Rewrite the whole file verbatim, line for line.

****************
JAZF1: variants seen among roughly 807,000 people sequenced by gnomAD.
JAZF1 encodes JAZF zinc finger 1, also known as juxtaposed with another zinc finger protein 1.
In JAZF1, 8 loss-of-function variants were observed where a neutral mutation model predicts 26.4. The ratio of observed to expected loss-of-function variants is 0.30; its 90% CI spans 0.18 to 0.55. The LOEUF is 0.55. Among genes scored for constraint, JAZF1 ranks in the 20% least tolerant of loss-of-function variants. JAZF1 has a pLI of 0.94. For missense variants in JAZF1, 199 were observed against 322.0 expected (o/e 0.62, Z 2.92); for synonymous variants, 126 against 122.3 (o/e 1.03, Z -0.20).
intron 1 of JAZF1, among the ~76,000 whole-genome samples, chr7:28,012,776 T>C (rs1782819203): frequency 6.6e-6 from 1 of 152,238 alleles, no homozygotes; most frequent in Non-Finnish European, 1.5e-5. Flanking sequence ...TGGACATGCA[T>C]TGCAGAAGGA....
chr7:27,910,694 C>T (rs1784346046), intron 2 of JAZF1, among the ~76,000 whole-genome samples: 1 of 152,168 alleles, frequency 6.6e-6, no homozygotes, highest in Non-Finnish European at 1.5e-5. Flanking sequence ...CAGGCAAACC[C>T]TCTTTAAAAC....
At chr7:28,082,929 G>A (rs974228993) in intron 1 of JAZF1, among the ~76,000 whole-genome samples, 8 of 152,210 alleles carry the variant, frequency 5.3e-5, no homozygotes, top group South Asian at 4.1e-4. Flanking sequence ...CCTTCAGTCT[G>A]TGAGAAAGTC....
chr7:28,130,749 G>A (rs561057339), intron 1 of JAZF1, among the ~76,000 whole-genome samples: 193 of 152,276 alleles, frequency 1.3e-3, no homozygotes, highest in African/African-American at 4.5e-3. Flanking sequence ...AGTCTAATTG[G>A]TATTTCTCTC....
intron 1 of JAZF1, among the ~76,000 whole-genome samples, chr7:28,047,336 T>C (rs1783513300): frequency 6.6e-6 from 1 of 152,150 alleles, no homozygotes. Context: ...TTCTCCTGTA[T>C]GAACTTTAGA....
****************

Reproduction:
JAZF1: variants seen among roughly 807,000 people sequenced by gnomAD.
JAZF1 encodes JAZF zinc finger 1, also known as juxtaposed with another zinc finger protein 1.
In JAZF1, 8 loss-of-function variants were observed where a neutral mutation model predicts 26.4. The ratio of observed to expected loss-of-function variants is 0.30; its 90% CI spans 0.18 to 0.55. The LOEUF is 0.55. Among genes scored for constraint, JAZF1 ranks in the 20% least tolerant of loss-of-function variants. JAZF1 has a pLI of 0.94. For missense variants in JAZF1, 199 were observed against 322.0 expected (o/e 0.62, Z 2.92); for synonymous variants, 126 against 122.3 (o/e 1.03, Z -0.20).
intron 1 of JAZF1, among the ~76,000 whole-genome samples, chr7:28,012,776 T>C (rs1782819203): frequency 6.6e-6 from 1 of 152,238 alleles, no homozygotes; most frequent in Non-Finnish European, 1.5e-5. Flanking sequence ...TGGACATGCA[T>C]TGCAGAAGGA....
chr7:27,910,694 C>T (rs1784346046), intron 2 of JAZF1, among the ~76,000 whole-genome samples: 1 of 152,168 alleles, frequency 6.6e-6, no homozygotes, highest in Non-Finnish European at 1.5e-5. Flanking sequence ...CAGGCAAACC[C>T]TCTTTAAAAC....
At chr7:28,082,929 G>A (rs974228993) in intron 1 of JAZF1, among the ~76,000 whole-genome samples, 8 of 152,210 alleles carry the variant, frequency 5.3e-5, no homozygotes, top group South Asian at 4.1e-4. Flanking sequence ...CCTTCAGTCT[G>A]TGAGAAAGTC....
chr7:28,130,749 G>A (rs561057339), intron 1 of JAZF1, among the ~76,000 whole-genome samples: 193 of 152,276 alleles, frequency 1.3e-3, no homozygotes, highest in African/African-American at 4.5e-3. Flanking sequence ...AGTCTAATTG[G>A]TATTTCTCTC....
intron 1 of JAZF1, among the ~76,000 whole-genome samples, chr7:28,047,336 T>C (rs1783513300): frequency 6.6e-6 from 1 of 152,150 alleles, no homozygotes. Context: ...TTCTCCTGTA[T>C]GAACTTTAGA....